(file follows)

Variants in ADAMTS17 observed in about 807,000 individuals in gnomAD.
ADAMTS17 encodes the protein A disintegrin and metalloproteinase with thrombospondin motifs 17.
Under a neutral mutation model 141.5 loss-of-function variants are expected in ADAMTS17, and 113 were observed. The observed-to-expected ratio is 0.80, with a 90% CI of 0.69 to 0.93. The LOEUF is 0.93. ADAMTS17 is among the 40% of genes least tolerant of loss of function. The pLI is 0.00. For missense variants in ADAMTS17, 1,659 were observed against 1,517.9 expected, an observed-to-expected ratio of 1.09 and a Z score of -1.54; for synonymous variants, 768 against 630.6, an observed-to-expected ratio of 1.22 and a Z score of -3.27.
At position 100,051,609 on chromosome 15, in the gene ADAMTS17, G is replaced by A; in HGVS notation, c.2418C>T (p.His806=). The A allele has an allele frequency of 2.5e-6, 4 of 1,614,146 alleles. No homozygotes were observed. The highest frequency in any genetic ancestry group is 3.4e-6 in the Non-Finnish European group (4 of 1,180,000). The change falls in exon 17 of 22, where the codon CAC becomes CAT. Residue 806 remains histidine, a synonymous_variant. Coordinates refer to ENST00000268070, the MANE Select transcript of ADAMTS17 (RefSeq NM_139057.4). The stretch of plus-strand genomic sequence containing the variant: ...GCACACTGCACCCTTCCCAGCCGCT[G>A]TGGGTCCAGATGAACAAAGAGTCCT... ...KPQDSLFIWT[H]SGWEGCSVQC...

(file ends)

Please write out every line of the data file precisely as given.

Variants in ADAMTS17 observed in about 807,000 individuals in gnomAD.
ADAMTS17 encodes the protein A disintegrin and metalloproteinase with thrombospondin motifs 17.
Under a neutral mutation model 141.5 loss-of-function variants are expected in ADAMTS17, and 113 were observed. The observed-to-expected ratio is 0.80, with a 90% CI of 0.69 to 0.93. The LOEUF is 0.93. ADAMTS17 is among the 40% of genes least tolerant of loss of function. The pLI is 0.00. For missense variants in ADAMTS17, 1,659 were observed against 1,517.9 expected, an observed-to-expected ratio of 1.09 and a Z score of -1.54; for synonymous variants, 768 against 630.6, an observed-to-expected ratio of 1.22 and a Z score of -3.27.
At position 100,051,609 on chromosome 15, in the gene ADAMTS17, G is replaced by A; in HGVS notation, c.2418C>T (p.His806=). The A allele has an allele frequency of 2.5e-6, 4 of 1,614,146 alleles. No homozygotes were observed. The highest frequency in any genetic ancestry group is 3.4e-6 in the Non-Finnish European group (4 of 1,180,000). The change falls in exon 17 of 22, where the codon CAC becomes CAT. Residue 806 remains histidine, a synonymous_variant. Coordinates refer to ENST00000268070, the MANE Select transcript of ADAMTS17 (RefSeq NM_139057.4). The stretch of plus-strand genomic sequence containing the variant: ...GCACACTGCACCCTTCCCAGCCGCT[G>A]TGGGTCCAGATGAACAAAGAGTCCT... ...KPQDSLFIWT[H]SGWEGCSVQC...